Saturday comes very cold, no wind and a light snow. We load up the car and rush down to the course. By the time Caleb, Joshua and I pick up our numbers, get our equipment on and get down to the course, the course is closed. The place is pretty chaotic because we're racing with the nordic guys. Normally all the biathlon guys go off at 30 second intervals - all age groups and genders racing together, so today's format is confusing me. Did I say it was cold? One of the guys who drove in that morning from the west said that a lake effect snow band was coming and we are going to get dumped on. It's really cold. We talk to a couple guys to find out what the course is like: it's a 2k loop - 1st k is up and 2nd is down - don't kill yourself on the first one, cause it's a big hill! Caleb and Joshua do 4k, I get to do 8. It's an awesome location - the start is right under the ski jumps. Both jumps tower above the start/finish. Caleb starts first - this is his first ESG race. I'm really proud he's doing this - not an easy race for someone who just started this skiing thing. Joshua starts about 30min later. He puts in a really good, consistent time for each loop. When asked about the hill he says it's really big. Really big. He gestures up towards the ski jumps, 'up behind those.' That's a big hill. I get out there to warm up and start peeling off layers. Did I say it was really cold? I think I'm going to miss shooting - at least then I get to stop twice to take a short break! They call us down and we start in the order of our score. Curse that standing shoot... My turn comes and off I go thinking about the big hill in front of me. This time, I have my heart rate monitor. After having blown a gasket at the Saratoga race, I figure I'm going to ski my own race no matter what. I come up on a woman get ready to pass, check the HRM and decide, not now. Up the hill we go. The trails are groomed really well, they're wide and the hill is step but not bad. I'm feeling good. Up, up and up we go. I catch up to Mr. blue and settle in behind him. At last we reach the top and I know it's all down hill. And it's a great down hill, long, fast and with a good run off at the bottom. Mr. Blue blows by me. I realize I've got the wrong wax on - too soft. This is not good when I have 1k of down hill - and Mr. Blue is leaving me in the dust. Down through the stadium area and back up the hill. Catch Mr. Blue again and stay in behind him. It's at this point I wish I had followed some advice: get wind proof briefs. The 'wide' stance of the V1 going up hill and 1k of down hill - well, you get the idea. We repeat this catch up and fall back for two more loops. On the fourth loop I catch up and decide to push it some more. Half way up the hill I pass Mr. Blue and try and develop some extra speed going down the hill by double poling and skating. When it's all over I'm happy with the effort: consistent times for each loop and racing with the HRM helped a lot. Talked with some folks about wax and they said it was definately a green day. In fact they said to get as much wax as possible off, let the skis sit outside so that the cold will force more wax out, then brush again. While the shooting and ski times weren't great, I learned a lot at this race.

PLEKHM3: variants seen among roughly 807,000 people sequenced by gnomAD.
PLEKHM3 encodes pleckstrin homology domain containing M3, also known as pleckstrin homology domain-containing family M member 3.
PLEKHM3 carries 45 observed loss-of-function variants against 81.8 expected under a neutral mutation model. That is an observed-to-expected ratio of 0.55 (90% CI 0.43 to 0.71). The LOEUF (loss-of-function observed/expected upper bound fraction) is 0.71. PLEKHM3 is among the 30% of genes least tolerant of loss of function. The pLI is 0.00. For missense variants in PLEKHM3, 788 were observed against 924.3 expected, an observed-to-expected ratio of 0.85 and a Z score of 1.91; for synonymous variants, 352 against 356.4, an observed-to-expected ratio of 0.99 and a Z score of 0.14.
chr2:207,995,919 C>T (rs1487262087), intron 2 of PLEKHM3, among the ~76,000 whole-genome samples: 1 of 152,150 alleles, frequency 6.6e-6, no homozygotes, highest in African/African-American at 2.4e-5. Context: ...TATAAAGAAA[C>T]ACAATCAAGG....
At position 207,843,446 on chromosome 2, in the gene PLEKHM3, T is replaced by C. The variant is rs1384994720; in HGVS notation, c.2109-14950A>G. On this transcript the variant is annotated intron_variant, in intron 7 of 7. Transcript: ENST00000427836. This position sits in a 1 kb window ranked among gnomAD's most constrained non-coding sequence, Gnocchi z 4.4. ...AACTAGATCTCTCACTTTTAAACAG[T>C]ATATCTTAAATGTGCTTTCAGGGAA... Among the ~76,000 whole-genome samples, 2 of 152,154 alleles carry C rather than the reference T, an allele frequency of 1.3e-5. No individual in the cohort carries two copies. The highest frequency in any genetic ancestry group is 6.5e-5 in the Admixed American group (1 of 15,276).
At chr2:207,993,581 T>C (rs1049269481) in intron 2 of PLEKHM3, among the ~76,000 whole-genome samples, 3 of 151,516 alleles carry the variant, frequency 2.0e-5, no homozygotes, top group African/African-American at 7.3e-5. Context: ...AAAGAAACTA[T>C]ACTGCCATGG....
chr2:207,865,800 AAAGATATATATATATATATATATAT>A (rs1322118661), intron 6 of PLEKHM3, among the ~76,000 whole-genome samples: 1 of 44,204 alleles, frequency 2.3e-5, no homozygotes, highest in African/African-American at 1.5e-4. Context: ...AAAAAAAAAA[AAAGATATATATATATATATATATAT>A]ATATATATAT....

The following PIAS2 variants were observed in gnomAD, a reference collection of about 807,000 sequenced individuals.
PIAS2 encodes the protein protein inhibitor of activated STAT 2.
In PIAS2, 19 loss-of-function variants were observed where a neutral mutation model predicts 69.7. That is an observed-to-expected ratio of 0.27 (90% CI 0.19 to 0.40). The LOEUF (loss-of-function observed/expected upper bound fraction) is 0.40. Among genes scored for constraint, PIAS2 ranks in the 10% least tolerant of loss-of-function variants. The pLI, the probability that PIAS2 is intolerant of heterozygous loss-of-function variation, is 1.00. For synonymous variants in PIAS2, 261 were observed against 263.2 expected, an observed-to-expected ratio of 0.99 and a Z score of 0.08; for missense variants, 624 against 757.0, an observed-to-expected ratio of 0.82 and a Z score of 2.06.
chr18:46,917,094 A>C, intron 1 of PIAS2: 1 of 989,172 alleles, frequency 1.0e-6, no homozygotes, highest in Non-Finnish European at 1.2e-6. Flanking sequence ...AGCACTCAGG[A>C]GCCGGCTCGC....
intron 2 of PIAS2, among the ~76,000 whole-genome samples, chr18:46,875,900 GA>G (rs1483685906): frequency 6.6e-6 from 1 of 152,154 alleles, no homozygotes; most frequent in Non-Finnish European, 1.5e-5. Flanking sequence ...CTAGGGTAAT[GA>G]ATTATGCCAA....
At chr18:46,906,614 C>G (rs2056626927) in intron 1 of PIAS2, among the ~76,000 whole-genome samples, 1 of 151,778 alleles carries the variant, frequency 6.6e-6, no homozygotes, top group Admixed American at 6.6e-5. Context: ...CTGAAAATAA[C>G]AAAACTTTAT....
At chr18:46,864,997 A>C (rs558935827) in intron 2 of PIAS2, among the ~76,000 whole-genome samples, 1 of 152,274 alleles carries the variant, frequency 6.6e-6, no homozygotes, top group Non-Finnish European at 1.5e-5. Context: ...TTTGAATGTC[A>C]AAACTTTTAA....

That night the kids and I get totally bundled up and go out on to the frozen lake to watch fire works. After that we take a hike across the lake. What a beautiful night! Did I tell you it was cold?